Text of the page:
We have called this the “Golden Rule.” It summarizes our relationship with others in a very simple and straight-forward way. We could call it respect or even love.

The legalist tries to live with a long list of things to avoid and strives to keep his own actions away from that list. But maybe that isn’t necessary at all. Maybe if we learned to respect others and to care for them, to treat them the way we would like to be treated, we would find that the lists are not all that necessary. Maybe if we taught our children, from the earliest ages, that others have value and a right to be respected, that no one should be abusers or abused, and that those who are weak should be protected by those who are strong—maybe the sins we say they should avoid just wouldn’t enter their hearts and minds.

You see, lists will never help us do right. Rules and punishments can only force certain behavior, not change our hearts. Legalism is about rules, learning right from wrong. Grace, or the gospel of Jesus, is about relationship. Relationship with God and relationship with others. The only thing that makes a difference is relationship. Loving one another is the answer.

Love God and love others. Those are the only rules we need.

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Imputed Righteousness

 

Back to Grace!   

“How righteous are you?”

That’s a question I ask from time to time. The answers I receive are predictable. “Well, I try. Hopefully I have some righteousness. I know I’ve done a lot of wrong things, but I’ve done some good things, too.” It’s a question that makes believers squirm. We have been trained to think of ourselves as unrighteous. In many churches, believers are told how their sins separate them from God and they have to repent in order to be forgiven. Then they are led in a prayer, asking God for forgiveness. But they know it will never hold. Next week they will have to do it again.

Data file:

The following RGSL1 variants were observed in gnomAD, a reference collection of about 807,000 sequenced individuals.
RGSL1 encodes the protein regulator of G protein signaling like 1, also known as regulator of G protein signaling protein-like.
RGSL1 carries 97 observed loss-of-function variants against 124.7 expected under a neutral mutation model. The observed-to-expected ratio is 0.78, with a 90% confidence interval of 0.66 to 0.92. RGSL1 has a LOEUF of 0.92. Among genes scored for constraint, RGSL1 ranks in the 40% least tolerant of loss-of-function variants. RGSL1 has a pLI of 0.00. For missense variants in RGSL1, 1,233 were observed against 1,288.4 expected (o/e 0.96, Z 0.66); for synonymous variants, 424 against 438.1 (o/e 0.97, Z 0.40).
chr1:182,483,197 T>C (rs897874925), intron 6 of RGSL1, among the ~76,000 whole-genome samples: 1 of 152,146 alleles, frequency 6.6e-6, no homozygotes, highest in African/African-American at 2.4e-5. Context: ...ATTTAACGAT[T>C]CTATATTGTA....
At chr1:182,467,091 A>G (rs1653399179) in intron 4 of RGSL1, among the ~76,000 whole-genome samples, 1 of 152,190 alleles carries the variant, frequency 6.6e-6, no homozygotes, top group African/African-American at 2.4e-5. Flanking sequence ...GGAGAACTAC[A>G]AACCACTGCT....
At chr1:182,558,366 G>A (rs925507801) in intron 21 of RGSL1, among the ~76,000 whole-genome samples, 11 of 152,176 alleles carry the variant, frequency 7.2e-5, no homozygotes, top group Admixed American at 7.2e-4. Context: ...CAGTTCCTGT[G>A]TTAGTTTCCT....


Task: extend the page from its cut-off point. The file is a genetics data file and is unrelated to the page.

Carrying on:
So, how righteous are you?

Do you get a little squirt of righteousness each Sunday and try to live on that for a week? Are you trying to do good things so that the righteousness in you will outweigh the unrighteousness? Are you hoping that no one will see the wickedness in your life and you can just somehow slip into Heaven unnoticed? Or are you expecting a good scolding and some temporary punishment when you get to those pearly gates? Christians have all kinds of strange ideas, and almost all of those ideas come from bad teaching.

Ready for an answer?

“How righteous are you?”

“I am as righteous as Jesus!”

WHOA! How can you say that? Jesus was perfectly righteous. He never did anything wrong. He never sinned. He always did right. Everything Jesus did pleased the Father. How could anyone say that he or she is as righteous as Jesus?

Then out come the verses:

“For all have sinned and come short of the glory of God…”
“There is none righteous, no not one…”
“All we like sheep have gone astray…”
“If we say we have no sin, we deceive ourselves…”

And all of these verses are true, and I believe all of them. But that’s what we were, not what we are. Yes, we have all sinned and fallen short. No debate. It is true that no one, save Jesus, is without sin and righteous on his or her own. No argument on that. If we say that we have not sinned, we deceive ourselves. That’s true also. Those statements are about what used to be and what would still be true if we were apart from Christ.

But we are not apart from Christ. We have been washed and sanctified and justified (1 Cor 6:11). We have been cleansed of all sin (1 John 1:7). We have been forgiven (1 John 2:12). In Jesus, all these things are true of us.

In the Bible, the concept of righteousness is portrayed as an account sheet. Sins are listed as negative, I presume; while good works are listed as positives. We have a couple of problems. There are so many sins that our good works will never catch up. Then, even our good works are so often compromised by our sins. We do things we want to do and in the way we want and for the people we want. So few good works are truly pure, without the stain of sin in themselves. And more, even those few good things we do that are actually close to selfless are not truly our work, but the work of Jesus in us and through us. All of that means that our moral account is in pretty bad shape. Not even close to righteous.